UTSA professor helping preserve, restore Hemingway’s famed Cuban home
William Dupont, San Antonio Conservation Society Endowed Professor of Architecture at The University of Texas at San Antonio (UTSA), is part of a top-tier team of preservationists working on a historic restoration project in Cuba. The project is sponsored through a 12-year partnership between the Boston-based Finca Vigía Foundation and the Cuban Ministry of Culture.
Dupont and his team will aid in the construction of a new archival storage facility at Finca Vigía, or "Lookout Farm," the famed home of the late writer Ernest Hemingway in San Francisco de Paula, Cuba. Once completed, it will be the first building in Cuba constructed using U.S. materials since the late 1950s.
The new facility will be a conservation workshop that will serve to preserve the many artifacts and mementos that Hemingway left behind at Finca Vigía prior to his death in 1961. It will be built using materials and funding provided by U.S. organizations, including the Caterpillar Foundation and Caterpillar Inc., the AT&T Foundation, the Ford Foundation and American Express.
Hemingway is one of the most influential American writers of the 20th century. Throughout his prolific career, he won many awards for his works, including both the Pulitzer Prize and the Nobel Prize for Literature. Though well known for his time in Spain and Paris, he spent much of his adult life – from 1939 until 1960 – in Havana. In fact, he wrote several famous works while at Finca Vigía, such as For Whom the Bell Tolls, The Old Man and the Sea and Islands in the Stream.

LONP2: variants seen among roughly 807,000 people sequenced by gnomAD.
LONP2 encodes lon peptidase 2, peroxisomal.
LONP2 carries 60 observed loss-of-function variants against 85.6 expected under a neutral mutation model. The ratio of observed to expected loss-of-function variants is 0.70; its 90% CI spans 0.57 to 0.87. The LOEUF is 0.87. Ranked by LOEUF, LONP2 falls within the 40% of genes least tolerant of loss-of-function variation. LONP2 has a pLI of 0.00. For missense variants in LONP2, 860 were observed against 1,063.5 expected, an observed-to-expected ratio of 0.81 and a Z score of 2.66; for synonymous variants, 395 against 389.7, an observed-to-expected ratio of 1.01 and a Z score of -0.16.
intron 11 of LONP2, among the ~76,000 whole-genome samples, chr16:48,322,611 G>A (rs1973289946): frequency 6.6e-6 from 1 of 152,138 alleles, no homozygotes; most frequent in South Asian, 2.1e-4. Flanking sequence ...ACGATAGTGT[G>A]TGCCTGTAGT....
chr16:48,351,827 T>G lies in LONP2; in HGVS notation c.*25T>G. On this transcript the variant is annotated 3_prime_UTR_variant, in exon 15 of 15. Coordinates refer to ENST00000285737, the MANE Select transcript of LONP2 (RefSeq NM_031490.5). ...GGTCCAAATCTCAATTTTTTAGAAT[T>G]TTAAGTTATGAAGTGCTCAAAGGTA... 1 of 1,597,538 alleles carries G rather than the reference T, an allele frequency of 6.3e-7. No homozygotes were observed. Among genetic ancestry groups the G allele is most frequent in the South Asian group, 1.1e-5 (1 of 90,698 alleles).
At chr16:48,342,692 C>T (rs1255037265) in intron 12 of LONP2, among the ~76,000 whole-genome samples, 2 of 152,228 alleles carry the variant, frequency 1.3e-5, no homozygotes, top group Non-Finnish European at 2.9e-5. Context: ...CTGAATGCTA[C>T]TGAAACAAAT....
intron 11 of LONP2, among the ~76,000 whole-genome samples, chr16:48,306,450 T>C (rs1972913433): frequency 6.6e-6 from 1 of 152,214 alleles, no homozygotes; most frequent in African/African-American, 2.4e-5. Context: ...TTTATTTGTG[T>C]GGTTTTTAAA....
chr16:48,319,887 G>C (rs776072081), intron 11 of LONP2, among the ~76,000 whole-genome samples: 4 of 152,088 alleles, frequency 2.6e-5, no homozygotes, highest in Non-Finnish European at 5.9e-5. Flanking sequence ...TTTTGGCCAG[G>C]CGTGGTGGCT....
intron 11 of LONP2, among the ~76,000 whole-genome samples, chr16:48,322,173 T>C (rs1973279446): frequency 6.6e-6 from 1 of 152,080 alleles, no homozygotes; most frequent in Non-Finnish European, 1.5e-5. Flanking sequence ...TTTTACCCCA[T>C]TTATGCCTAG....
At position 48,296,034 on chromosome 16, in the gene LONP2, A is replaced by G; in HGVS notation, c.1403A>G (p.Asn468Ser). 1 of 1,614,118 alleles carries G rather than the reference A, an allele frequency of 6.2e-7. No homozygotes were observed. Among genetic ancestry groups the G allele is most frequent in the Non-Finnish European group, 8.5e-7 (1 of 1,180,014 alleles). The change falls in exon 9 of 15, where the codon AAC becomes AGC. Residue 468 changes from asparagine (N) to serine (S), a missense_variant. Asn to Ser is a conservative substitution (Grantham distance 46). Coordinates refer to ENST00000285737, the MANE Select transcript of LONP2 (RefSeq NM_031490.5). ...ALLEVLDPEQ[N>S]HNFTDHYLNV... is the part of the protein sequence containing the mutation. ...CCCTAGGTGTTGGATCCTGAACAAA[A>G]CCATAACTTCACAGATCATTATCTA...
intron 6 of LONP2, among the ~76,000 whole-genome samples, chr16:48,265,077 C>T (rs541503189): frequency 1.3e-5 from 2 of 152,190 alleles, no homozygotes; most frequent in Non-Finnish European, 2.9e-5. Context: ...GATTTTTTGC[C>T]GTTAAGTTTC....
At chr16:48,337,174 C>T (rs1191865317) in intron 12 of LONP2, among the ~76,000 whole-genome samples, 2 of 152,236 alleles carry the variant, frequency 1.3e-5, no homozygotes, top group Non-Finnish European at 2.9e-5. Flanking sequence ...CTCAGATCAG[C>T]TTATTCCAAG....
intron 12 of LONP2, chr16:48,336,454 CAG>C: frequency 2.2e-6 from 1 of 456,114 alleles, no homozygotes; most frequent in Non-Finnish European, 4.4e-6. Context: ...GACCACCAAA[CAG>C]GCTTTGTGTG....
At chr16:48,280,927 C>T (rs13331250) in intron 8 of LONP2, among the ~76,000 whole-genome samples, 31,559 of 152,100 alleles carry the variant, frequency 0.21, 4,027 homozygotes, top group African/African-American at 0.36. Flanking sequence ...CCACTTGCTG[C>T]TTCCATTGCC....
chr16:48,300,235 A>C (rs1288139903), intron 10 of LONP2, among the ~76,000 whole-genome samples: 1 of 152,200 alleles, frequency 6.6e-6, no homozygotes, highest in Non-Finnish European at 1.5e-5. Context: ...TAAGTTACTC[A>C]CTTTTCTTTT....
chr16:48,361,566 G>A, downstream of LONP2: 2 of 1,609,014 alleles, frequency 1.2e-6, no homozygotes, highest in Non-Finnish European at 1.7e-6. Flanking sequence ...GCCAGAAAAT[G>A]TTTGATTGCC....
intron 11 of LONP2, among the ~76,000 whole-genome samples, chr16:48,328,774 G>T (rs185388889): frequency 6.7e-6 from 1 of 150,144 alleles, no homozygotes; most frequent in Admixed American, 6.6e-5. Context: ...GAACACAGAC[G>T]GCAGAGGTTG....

After Hemingway's death, the Cuban government took ownership of the home. It became a museum to Hemingway's life in Cuba and his work. Finca Vigía, also known as the Museo Hemingway, is now among Cuba's most popular tourist sites. Even so, it previously ranked as one of the most endangered historic sites in the world, according to a 2005 report from the National Trust for Historic Preservation.
"Finca Vigía is really quite an amazing piece of history," said Dupont, a Fellow of the American Institute of Architects and the director of the UTSA Center for Cultural Sustainability, housed in the College of Architecture, Construction and Planning. "You get a real sense of Hemingway's daily life. One can see the pool where he swam, the books he read, the typewriter he used, the records he listened to, and even the bottles of liquor that he drank, right where he left them."
Thanks to special permission from both the U.S. and Cuban governments, Dupont has spent the last 11 years of his career traveling to Havana to advise on matters relating to architectural preservation. Throughout the project, he has navigated political change, language barriers and the ever-present threat of hurricanes.
"William Dupont has worked collaboratively with U.S. and Cuban architects and engineers over the last 11 years and has helped our project make great strides," said Mary-Jo Adams, executive director of the Finca Vigía Foundation. "His finesse and understanding of the Cuban people has been incredibly important. We at the Finca Vigía Foundation are excited to begin this new phase of our long-standing and important project alongside Dupont and our other partners."
The construction of the new archival facility will take place later this year. Learn more about the Finca Vigía Foundation and its mission.
About the UTSA Center for Cultural Sustainability
Through the UTSA Center for Cultural Sustainability, housed in the College of Architecture, Construction and Planning, Dupont and his colleagues explore the continuity of the cultural systems of human existence and the common identities of heritage that bind people to places. The center provides research and services to benefit communities, convenes leaders in the field for dialogue on sustainable development and construction, and provides research opportunities for UTSA faculty and graduate students.
Learn more about the UTSA College of Architecture, Construction and Planning and the Center for Cultural Sustainability.
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